Here’s from Dana Milbank, opining in WaPo, “Anthony Weiner’s apology-fest“:

Have you received an apology yet from Anthony Weiner? If not, you haven’t been listening.

He apologized to his wife: “I am deeply sorry for the pain this has caused my wife, Huma.”

He apologized to the young woman he sent the lewd photo to on Twitter: “We exchanged some text messages, mostly for me to express my abject apologies for how she got dragged into this.”

He even apologized to his main tormenter, the conservative publisher of BigGovernment.com: “I apologize to Andrew Breitbart.”

Anybody left out? “Everyone that I misled — everyone in the media, my staff, the people that I — that I lied to about this — they all deserve an apology. . . All of you who were misled, the people who I lied to, I have an apology for all of them.”

In all, Weiner spoke of an apology or apologizing or being apologetic 19 times in his news conference during which he finally came clean — or partially clean — about his rude behavior with women in social media. He offered up the word “sorry” 11 times, expressed “regret” 18 times, spoke of his responsibility 14 times, and used various and sundry other expressions of shame and remorse.

Regrets were offered to “my constituents, my friends, supporters and staff,” to “the many people that put so much faith and confidence in me,” to “the people I care about most.”

Wow. And to think I used to make big bucks advising people to do that. I digress. Well, if nothing else, it looks like Weiner knows how to apologize.

Then there is Sarah. And the great thing about her is that she never says she’s sorry.

The latest flap. She kinda put a new spin on the old story about Paul Revere while she was visiting Boston during her non-candidate bus tour. And not only is she not apologizing, she says she is correct and her supporters are rewriting history.

Here’s from WaPo — and for you believe in media conspiracies to undercut Sarah get this, the writer is Rachel Weiner — “Fight brews over Sarah Palin on Paul Revere Wikipedia page“:

Supporters of former Alaska governor Sarah Palin have taken to Wikipedia, where they have been trying all weekend to revise the page on Paul Revere to reflect her recent comments.

In her trip to Massachusetts last week, Palin flubbed the history of Revere’s ride, saying that he rode through Boston ringing bells to warn the British that the revolutionaries were armed and ready to fight. Revere actually rode quietly, to warn the revolutionaries that British troops were headed their way.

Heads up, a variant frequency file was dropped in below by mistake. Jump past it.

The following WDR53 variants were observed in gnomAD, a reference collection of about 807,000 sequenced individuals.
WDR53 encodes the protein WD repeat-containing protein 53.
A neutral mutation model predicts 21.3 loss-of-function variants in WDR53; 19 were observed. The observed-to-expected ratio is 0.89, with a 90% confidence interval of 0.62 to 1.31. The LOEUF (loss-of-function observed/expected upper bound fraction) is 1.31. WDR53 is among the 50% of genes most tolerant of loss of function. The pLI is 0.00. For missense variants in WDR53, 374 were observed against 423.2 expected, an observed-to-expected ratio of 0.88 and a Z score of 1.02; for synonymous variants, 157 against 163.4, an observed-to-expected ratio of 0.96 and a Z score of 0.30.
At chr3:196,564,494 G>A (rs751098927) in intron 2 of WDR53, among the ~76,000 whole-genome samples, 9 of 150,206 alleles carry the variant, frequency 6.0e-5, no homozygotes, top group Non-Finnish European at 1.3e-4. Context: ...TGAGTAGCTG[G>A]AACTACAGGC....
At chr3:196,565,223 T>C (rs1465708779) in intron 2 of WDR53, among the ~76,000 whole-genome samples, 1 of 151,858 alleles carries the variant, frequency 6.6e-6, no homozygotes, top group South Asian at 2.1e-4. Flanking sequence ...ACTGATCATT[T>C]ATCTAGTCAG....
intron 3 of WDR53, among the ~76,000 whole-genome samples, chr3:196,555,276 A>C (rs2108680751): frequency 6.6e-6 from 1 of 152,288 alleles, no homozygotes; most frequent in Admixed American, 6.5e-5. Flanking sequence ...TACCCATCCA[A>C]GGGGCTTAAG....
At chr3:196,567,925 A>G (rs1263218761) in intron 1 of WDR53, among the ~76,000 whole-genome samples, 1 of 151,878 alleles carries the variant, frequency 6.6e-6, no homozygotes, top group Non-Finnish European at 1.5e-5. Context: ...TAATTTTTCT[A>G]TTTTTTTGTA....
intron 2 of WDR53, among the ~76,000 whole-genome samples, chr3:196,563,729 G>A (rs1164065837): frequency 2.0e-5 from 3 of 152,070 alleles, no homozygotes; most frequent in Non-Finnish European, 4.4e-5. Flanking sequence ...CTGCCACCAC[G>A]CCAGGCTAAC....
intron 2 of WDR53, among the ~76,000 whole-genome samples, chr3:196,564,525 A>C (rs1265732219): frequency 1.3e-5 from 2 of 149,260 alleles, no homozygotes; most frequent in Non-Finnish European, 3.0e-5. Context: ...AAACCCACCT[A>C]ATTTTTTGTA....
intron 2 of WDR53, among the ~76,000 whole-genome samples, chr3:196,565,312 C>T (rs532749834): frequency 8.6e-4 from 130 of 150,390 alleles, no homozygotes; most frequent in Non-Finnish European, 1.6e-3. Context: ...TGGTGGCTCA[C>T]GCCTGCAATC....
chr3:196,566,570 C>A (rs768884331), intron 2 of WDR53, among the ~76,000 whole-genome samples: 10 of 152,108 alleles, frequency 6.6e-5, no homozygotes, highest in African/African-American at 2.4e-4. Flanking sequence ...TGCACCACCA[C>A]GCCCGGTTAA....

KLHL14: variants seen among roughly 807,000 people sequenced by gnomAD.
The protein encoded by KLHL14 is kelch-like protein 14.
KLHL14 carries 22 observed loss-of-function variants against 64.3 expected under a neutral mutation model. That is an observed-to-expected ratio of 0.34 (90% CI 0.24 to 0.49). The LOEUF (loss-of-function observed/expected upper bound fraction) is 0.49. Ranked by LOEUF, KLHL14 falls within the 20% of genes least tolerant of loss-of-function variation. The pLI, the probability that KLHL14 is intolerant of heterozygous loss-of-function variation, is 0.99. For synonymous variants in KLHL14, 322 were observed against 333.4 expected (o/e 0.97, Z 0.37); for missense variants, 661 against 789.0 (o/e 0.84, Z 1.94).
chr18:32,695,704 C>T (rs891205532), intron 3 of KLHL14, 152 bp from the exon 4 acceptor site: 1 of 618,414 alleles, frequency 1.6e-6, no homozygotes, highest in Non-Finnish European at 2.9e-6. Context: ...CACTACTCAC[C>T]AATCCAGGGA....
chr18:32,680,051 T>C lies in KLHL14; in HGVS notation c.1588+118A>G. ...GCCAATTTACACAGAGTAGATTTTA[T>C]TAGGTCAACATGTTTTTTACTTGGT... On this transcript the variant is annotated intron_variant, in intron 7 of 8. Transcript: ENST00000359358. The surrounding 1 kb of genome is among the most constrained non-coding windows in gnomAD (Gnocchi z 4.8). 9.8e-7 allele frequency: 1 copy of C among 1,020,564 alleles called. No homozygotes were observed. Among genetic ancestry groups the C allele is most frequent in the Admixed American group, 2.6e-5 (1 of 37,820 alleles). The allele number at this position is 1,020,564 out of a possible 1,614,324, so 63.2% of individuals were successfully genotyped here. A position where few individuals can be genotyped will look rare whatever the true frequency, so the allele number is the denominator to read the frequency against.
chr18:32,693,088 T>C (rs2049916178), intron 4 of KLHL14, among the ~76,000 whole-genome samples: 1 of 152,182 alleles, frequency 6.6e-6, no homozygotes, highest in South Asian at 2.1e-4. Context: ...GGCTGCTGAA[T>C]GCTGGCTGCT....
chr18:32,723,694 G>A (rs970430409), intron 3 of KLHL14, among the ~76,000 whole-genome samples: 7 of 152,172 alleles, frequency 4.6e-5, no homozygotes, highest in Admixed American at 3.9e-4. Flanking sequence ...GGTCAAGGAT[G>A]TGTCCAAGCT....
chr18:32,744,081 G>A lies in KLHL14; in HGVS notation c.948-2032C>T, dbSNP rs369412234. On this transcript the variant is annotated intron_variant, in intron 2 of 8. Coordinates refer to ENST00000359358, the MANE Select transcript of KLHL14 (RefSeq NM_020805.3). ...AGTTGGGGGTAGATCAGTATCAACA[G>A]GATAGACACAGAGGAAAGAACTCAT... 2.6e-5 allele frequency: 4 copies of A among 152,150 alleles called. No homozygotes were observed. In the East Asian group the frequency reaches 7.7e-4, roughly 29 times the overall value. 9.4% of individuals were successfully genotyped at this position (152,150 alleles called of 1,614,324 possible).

As first noticed by the blog Little Green Footballs, Palin fans have been attempting to add her version of the story to Revere’s Wikipedia page — a source of research information for more than half of college students. Other users have been deleting the changes as they appear, arguing that what Palin said in the past week should be kept separate from a page about an event that happened hundreds of years ago.

Palin is hardly alone among politicians for getting American history wrong. Minnesota Rep. Michele Bachmann (R) made a similar gaffe on a trip to New Hampshire earlier this year, placing the battles of Lexington and Concord in that state.

Where Palin is unique is in her — and her fans — defiant attitude. Bachmann admitted on Facebook that “it was my mistake” and turned it into a joking jab at Massachusetts. Palin, on the other hand, went on “Fox News Sunday” this weekend and defended her version of events.

“I didn’t mess up,” Palin said. “I answered candidly and I know my American history … Part of his ride was to warn the British that we’re already there.”

Defending Palin, some commentators have pointed out that Revere did tell the British about armed colonial militiamen — after he was captured and held at gunpoint. According to “Paul Revere’s Ride” by David Hackett Fischer, Revere was trying to lead his captors away from Lexington (where Sam Adams and John Hancock were hidden) by saying that danger awaited them there.

And for those who delight in advancing the “Sarah is stupid” mantra, here’s a story on NPR with host Melissa Block that quotes Professor Robert Allison, Chairman of the History Department at Suffolk University, as saying that, ah, Sarah basically got the Paul Revere story right.

BLOCK: So Paul Revere was ringing those bells? He was a silversmith, right?

Prof. ALLISON: Well, he was – he also was a bell ringer. That is, he rang the bells at Old North Church as a boy. But he personally is not getting off his horse and going to ring bells. He’s telling other people – and this is their system before Facebook, before Twitter, before NPR, this was the way you get a message out is by having people ring church bells and everyone knows there is an emergency.